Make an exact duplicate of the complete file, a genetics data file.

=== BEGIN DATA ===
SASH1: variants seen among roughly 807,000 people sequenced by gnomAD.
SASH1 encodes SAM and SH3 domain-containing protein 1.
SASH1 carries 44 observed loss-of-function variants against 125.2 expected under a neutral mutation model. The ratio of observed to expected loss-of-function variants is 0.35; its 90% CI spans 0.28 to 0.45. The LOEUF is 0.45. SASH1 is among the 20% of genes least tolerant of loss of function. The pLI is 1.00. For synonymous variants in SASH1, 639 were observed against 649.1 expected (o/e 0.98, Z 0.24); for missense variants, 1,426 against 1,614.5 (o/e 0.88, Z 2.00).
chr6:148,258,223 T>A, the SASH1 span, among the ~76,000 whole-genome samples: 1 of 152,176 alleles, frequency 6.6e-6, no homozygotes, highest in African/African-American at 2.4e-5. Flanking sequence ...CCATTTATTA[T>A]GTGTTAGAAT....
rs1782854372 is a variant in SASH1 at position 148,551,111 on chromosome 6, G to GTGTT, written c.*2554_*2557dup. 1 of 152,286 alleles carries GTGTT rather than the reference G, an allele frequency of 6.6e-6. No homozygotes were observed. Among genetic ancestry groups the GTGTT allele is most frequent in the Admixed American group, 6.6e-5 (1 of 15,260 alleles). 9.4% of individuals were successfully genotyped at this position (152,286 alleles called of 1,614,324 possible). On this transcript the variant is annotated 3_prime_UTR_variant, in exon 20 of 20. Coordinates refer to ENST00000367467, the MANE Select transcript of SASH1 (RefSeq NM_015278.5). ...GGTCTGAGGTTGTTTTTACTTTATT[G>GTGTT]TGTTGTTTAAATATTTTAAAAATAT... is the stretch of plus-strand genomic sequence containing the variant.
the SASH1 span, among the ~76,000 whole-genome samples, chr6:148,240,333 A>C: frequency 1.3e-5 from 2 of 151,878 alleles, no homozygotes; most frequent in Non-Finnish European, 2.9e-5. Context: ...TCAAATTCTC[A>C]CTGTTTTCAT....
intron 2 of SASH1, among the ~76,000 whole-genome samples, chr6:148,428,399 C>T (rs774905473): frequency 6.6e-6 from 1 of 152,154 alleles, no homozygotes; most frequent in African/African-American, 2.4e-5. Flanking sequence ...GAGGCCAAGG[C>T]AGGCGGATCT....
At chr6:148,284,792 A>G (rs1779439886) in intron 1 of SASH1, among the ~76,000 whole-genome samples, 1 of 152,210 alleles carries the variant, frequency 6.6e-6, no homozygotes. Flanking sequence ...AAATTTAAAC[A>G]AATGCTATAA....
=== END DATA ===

SASH1: variants seen among roughly 807,000 people sequenced by gnomAD.
SASH1 encodes SAM and SH3 domain-containing protein 1.
SASH1 carries 44 observed loss-of-function variants against 125.2 expected under a neutral mutation model. The ratio of observed to expected loss-of-function variants is 0.35; its 90% CI spans 0.28 to 0.45. The LOEUF is 0.45. SASH1 is among the 20% of genes least tolerant of loss of function. The pLI is 1.00. For synonymous variants in SASH1, 639 were observed against 649.1 expected (o/e 0.98, Z 0.24); for missense variants, 1,426 against 1,614.5 (o/e 0.88, Z 2.00).
chr6:148,258,223 T>A, the SASH1 span, among the ~76,000 whole-genome samples: 1 of 152,176 alleles, frequency 6.6e-6, no homozygotes, highest in African/African-American at 2.4e-5. Flanking sequence ...CCATTTATTA[T>A]GTGTTAGAAT....
rs1782854372 is a variant in SASH1 at position 148,551,111 on chromosome 6, G to GTGTT, written c.*2554_*2557dup. 1 of 152,286 alleles carries GTGTT rather than the reference G, an allele frequency of 6.6e-6. No homozygotes were observed. Among genetic ancestry groups the GTGTT allele is most frequent in the Admixed American group, 6.6e-5 (1 of 15,260 alleles). 9.4% of individuals were successfully genotyped at this position (152,286 alleles called of 1,614,324 possible). On this transcript the variant is annotated 3_prime_UTR_variant, in exon 20 of 20. Coordinates refer to ENST00000367467, the MANE Select transcript of SASH1 (RefSeq NM_015278.5). ...GGTCTGAGGTTGTTTTTACTTTATT[G>GTGTT]TGTTGTTTAAATATTTTAAAAATAT... is the stretch of plus-strand genomic sequence containing the variant.
the SASH1 span, among the ~76,000 whole-genome samples, chr6:148,240,333 A>C: frequency 1.3e-5 from 2 of 151,878 alleles, no homozygotes; most frequent in Non-Finnish European, 2.9e-5. Context: ...TCAAATTCTC[A>C]CTGTTTTCAT....
intron 2 of SASH1, among the ~76,000 whole-genome samples, chr6:148,428,399 C>T (rs774905473): frequency 6.6e-6 from 1 of 152,154 alleles, no homozygotes; most frequent in African/African-American, 2.4e-5. Flanking sequence ...GAGGCCAAGG[C>T]AGGCGGATCT....
At chr6:148,284,792 A>G (rs1779439886) in intron 1 of SASH1, among the ~76,000 whole-genome samples, 1 of 152,210 alleles carries the variant, frequency 6.6e-6, no homozygotes. Flanking sequence ...AAATTTAAAC[A>G]AATGCTATAA....